Cessnock West Public School opens community garden

GREEN THUMBS: Cessnock West Public School stage two students and principal Ruth McGlashan at the newly-opened community garden. Picture: Krystal Sellars
GREEN THUMBS: Cessnock West Public School stage two students and principal Ruth McGlashan at the newly-opened community garden. Picture: Krystal Sellars

Cessnock West Public School has officially opened its community garden on Campbell Street.

The garden boasts more than 30 types of fruit, vegetables and herbs, and is open to the public.

It was designed and created by the school’s stage two classes as part of their project-based learning activities, which are driven by the students.

After deciding upon a garden that would be shared with the whole community, the students researched plants that would grow well in the local conditions; how much sunlight and water each plant would need, and how much it would cost to maintain.

They enlisted the help of Cessnock Men’s Shed and Cessnock Lions Club to construct the four garden beds, which were built on a vacant patch of grass outside the school fence.

HELP YOURSELF: Cessnock West Public School's community garden is open to the public on Campbell Street.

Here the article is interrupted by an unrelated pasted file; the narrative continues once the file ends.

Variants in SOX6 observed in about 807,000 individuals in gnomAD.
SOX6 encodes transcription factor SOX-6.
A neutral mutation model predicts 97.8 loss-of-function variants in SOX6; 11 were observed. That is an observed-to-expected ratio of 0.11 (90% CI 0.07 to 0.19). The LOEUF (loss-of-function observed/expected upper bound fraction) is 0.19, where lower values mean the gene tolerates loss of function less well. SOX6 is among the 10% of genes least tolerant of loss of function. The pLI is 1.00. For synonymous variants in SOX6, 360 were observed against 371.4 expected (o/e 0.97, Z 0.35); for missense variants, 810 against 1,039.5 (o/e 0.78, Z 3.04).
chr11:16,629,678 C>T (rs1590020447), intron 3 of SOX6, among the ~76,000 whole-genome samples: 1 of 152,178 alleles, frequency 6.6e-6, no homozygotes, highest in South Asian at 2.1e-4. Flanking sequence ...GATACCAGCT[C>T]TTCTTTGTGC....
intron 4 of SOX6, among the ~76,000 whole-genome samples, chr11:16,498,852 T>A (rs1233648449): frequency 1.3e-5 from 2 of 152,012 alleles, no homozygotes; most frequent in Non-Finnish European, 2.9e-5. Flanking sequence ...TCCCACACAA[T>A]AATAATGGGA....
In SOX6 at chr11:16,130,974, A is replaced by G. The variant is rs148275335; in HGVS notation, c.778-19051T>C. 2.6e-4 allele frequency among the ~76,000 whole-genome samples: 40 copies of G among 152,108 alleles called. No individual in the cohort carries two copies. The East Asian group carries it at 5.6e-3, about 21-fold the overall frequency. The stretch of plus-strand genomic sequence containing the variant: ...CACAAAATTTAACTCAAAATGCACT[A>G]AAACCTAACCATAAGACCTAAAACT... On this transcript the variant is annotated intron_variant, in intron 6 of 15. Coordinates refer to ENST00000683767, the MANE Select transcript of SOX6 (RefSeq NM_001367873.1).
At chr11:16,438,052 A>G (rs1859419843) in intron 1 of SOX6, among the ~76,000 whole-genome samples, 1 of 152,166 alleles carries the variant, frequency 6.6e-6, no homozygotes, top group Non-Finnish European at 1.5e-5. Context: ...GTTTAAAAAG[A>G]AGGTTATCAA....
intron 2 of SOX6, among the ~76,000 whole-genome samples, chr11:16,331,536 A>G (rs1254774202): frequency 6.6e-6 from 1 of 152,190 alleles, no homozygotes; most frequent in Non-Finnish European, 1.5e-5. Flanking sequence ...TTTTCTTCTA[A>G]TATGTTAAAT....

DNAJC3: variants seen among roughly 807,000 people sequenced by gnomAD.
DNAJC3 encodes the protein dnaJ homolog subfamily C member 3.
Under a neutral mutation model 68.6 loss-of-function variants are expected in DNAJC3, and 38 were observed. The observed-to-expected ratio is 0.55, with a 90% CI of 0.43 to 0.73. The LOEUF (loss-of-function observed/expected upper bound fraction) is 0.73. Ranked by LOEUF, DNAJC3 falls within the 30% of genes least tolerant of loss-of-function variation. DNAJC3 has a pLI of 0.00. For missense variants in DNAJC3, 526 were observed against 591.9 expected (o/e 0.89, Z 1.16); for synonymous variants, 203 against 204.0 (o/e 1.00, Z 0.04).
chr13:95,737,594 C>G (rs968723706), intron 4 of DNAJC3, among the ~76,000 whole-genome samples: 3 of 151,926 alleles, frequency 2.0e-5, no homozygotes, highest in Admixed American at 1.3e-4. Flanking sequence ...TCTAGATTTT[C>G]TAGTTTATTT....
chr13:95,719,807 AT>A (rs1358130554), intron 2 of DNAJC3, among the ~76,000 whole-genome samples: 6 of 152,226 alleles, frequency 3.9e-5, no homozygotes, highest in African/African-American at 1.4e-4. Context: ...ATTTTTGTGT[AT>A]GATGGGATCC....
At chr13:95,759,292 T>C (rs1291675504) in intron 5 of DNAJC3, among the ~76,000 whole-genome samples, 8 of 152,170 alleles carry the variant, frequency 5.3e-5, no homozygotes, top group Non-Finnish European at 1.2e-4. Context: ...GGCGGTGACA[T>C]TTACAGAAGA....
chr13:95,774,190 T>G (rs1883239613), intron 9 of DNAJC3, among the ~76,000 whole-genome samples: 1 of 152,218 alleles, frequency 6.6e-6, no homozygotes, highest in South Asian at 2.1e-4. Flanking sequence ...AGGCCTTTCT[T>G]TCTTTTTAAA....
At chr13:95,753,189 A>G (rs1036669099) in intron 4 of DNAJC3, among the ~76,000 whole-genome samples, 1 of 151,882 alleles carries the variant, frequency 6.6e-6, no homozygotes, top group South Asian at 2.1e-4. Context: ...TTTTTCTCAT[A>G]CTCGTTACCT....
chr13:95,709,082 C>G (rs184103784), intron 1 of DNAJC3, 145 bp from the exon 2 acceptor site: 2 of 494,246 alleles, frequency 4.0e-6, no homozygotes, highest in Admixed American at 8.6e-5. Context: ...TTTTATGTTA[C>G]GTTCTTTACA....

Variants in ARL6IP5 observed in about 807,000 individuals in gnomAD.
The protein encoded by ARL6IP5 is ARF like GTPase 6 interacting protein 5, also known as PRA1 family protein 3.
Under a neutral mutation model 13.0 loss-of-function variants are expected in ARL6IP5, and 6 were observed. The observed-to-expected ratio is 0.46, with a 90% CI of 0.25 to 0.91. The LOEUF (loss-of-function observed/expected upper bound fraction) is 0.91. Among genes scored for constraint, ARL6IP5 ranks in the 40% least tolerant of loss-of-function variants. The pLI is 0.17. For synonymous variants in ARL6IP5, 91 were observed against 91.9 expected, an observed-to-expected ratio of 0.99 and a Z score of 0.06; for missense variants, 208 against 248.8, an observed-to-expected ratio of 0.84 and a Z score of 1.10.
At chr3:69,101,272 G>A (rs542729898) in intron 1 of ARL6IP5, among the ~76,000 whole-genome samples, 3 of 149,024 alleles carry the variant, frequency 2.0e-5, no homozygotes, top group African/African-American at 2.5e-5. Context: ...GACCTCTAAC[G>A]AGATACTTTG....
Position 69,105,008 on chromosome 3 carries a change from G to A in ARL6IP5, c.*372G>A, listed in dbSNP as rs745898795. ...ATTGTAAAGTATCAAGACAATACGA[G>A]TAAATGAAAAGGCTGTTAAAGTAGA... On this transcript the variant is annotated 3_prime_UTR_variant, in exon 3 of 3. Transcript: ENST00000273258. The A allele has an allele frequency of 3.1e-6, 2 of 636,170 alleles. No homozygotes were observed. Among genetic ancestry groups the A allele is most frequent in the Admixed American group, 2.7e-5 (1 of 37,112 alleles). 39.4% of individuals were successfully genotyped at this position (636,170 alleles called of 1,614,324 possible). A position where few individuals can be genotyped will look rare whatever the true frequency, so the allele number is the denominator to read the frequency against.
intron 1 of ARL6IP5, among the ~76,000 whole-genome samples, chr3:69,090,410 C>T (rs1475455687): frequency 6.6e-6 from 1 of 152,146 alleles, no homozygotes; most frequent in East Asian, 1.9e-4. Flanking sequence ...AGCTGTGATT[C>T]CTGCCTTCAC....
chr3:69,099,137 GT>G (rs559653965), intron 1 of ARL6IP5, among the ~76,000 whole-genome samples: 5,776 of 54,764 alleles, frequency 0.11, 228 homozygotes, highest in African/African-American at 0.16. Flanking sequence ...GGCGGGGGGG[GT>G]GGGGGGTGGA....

HELP YOURSELF: Cessnock West Public School's community garden is open to the public on Campbell Street.

The students raised money for the project by holding a 50-cent sale and a crazy hair day, and through the sales of their recipe book, which features ingredients from the garden.

Art and marketing was also part of the project – the students designed invitations and did a letterbox drop in the nearby streets.

The opening ceremony was held on Wednesday, when students gave a presentation about to explain the process of the garden project to their invited guests, before principal Ruth McGlashan cut the ribbon to declare the garden officially open.

Mrs McGlashan said the garden was a fantastic project.

“I’m very impressed with the hard work, organisation and fundraising that has gone into it, and I’m sure the community will appreciate it once it starts to grow,” she said.

“Hopefully it will be part of our school for many years.”